Businesses must put the right security and processes in place to remain safe and sustainable, particularly in today’s changing business environment. There are many factors to consider from a risk perspective, and getting it right is critical. However, these steps do not require complex solutions in all cases, just diligence and attentiveness to the risks.
Michael Shatter, Director, RSM Bird Cameron said, “The events of the global banking crisis and recent cybercrime events demonstrate that it is vital for organisations to identify threats early and respond appropriately. The key is to balance risk and control to enhance the value that organisations can deliver to stakeholders. Furthermore, organisations need to stay at the cutting edge of technology risk management since risks are constantly evolving. Support and guidance can make the challenges manageable.”
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Sue Wilkinson QPM, Head of the Olympic Intelligence Centre (OIC) for the London 2012 Olympic and Paralympic Games, highlighted the importance of security and robust processes at a recent Women on Boards event hosted by RSM Bird Cameron. She identified two key things organisations must consider when it comes to risk management:
1. Every organisation should undertake a strategic risk and threat assessment as early as possible and constantly review the findings.
2. Organisations should invest appropriately in the plan to address the findings from the risk and threat assessments.
RSM Bird Cameron suggests a four step process to improved IT security risk management:
1. Perform an IT audit – Identify and understand the risks
An IT audit can help reveal the risks that can jeopardise the security, availability and integrity of data as well as the performance of business systems. Importantly, it can also measure the effectiveness of existing processes and controls, then assist in formulating a plan to mitigate and manage the risks.
2. Secure your network – Ensure security risks are mitigated
Securing the network is essential, and a key objective includes everything from having appropriate firewalls and anti-virus products in place to educating all users about the risks of cybercrime. Adequate protection includes monitoring, incident management and policy-setting. It’s critical to remember that a large percentage of data breaches and IT security breaches do not originate from external technical intrusions of an organisations systems. Rather, human error and internal weaknesses also contribute to many IT risks.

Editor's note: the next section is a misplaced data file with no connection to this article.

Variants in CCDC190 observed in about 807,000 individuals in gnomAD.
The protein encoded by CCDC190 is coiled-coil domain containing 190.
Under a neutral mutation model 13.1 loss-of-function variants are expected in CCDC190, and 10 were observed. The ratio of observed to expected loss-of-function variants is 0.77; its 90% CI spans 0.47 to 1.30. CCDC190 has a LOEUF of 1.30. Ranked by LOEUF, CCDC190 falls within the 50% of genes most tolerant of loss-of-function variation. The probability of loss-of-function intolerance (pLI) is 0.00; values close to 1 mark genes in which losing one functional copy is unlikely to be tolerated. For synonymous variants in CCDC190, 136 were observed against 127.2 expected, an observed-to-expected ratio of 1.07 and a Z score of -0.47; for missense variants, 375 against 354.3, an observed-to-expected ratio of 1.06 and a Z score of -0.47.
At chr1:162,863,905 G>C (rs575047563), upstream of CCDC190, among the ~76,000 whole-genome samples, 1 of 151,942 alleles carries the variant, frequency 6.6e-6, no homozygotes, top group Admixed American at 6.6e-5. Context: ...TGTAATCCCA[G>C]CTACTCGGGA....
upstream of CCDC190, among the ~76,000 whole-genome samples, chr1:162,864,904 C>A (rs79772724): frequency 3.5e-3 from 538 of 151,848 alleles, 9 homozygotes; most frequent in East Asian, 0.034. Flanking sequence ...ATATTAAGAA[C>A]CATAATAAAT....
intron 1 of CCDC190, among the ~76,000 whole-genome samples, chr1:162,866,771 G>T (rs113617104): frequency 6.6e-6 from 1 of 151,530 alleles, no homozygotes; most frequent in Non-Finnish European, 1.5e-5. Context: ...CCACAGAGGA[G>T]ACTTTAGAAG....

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3. Have a comprehensive disaster recovery plan in place – Be prepared to react if a security event causes a major IT disruption
Most companies understand the importance of a comprehensive disaster recovery plan but not all of them have implemented a plan that is fully up-to-date, reliable and appropriate for their needs. An effective disaster recovery plan must include IT failovers as well as processes and procedures to follow in event of an emergency, including who to call and when to call them. Most importantly, update the plan and test its effectiveness.
4. Consider alternate approaches – A fresh perspective can help
While your organisation may already be conducting security testing, sometimes a new perspective and approach can help ensure organisations are getting the most value from their investments. Organisations need to put as much effort, or more, into properly hardening their internal environment as they do their external environment. For heavily regulated entities, this approach is mandated by regulators and auditors, and it is seeing a much higher rate of enforcement as a result of the number of recent significant data breaches. For non-regulated entities, concerns about protecting intellectual property, corporate bank accounts, customer credit card numbers and other types of sensitive data have to be regarded as an enterprise-level risk. Unfortunately, a data breach only requires one mistake or one unpatched vulnerability to potentially wreak havoc on the network. This means that periodic testing of network security is no longer optional.